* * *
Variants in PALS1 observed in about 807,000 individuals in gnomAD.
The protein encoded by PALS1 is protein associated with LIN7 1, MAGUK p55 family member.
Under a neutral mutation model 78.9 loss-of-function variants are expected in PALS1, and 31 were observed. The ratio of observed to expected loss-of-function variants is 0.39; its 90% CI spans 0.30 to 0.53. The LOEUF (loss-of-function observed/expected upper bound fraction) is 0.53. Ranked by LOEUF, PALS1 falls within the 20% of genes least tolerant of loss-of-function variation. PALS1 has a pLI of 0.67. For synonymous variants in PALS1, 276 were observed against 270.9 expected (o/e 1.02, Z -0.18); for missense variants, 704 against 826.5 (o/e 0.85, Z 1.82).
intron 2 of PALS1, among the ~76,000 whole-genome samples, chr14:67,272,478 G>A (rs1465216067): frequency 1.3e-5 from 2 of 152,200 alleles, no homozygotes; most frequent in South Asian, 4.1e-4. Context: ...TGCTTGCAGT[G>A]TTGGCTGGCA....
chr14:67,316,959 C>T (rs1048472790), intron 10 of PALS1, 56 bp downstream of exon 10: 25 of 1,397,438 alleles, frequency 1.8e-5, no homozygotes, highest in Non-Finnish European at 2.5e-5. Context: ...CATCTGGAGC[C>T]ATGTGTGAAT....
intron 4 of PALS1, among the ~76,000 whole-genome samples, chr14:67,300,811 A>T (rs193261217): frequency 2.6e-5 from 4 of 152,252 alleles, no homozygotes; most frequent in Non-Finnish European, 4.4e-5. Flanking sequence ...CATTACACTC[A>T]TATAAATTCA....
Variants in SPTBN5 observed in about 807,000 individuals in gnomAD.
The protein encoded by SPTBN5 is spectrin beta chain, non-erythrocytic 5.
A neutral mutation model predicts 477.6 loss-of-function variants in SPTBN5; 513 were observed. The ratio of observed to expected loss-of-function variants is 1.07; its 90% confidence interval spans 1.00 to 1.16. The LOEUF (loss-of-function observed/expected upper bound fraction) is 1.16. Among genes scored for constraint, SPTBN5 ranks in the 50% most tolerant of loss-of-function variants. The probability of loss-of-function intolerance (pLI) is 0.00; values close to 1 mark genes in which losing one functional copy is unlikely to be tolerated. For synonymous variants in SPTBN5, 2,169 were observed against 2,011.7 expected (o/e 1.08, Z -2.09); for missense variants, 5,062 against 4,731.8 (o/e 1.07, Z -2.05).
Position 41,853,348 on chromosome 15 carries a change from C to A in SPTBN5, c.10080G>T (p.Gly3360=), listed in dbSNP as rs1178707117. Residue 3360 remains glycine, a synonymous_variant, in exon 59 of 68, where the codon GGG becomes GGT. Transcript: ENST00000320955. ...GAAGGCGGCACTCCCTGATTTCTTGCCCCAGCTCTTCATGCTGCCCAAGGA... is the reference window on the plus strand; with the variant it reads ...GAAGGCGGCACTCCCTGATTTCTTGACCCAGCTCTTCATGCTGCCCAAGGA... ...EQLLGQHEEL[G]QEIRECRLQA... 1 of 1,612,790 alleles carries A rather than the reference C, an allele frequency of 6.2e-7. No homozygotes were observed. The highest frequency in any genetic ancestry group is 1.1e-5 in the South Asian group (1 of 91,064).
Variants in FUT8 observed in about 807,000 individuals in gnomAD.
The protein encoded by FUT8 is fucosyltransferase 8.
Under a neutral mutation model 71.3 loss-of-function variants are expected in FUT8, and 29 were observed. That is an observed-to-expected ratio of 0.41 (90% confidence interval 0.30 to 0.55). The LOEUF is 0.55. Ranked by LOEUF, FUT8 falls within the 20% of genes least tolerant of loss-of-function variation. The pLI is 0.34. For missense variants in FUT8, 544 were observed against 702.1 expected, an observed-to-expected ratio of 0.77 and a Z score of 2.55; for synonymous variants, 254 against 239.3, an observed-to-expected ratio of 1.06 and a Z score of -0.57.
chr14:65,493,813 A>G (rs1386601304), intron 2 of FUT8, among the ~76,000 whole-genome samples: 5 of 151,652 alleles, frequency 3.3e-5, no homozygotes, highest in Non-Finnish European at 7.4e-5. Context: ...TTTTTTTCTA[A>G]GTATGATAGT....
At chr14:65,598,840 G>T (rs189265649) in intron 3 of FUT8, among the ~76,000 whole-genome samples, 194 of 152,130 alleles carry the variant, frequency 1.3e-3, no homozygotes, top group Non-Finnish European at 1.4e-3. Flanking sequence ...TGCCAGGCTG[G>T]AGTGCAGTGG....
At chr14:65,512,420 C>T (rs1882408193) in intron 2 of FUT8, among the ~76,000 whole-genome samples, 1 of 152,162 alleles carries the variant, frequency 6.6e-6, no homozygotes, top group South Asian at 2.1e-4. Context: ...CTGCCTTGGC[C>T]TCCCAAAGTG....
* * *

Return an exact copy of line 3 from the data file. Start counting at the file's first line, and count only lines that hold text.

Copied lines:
Under a neutral mutation model 78.9 loss-of-function variants are expected in PALS1, and 31 were observed. The ratio of observed to expected loss-of-function variants is 0.39; its 90% CI spans 0.30 to 0.53. The LOEUF (loss-of-function observed/expected upper bound fraction) is 0.53. Ranked by LOEUF, PALS1 falls within the 20% of genes least tolerant of loss-of-function variation. PALS1 has a pLI of 0.67. For synonymous variants in PALS1, 276 were observed against 270.9 expected (o/e 1.02, Z -0.18); for missense variants, 704 against 826.5 (o/e 0.85, Z 1.82).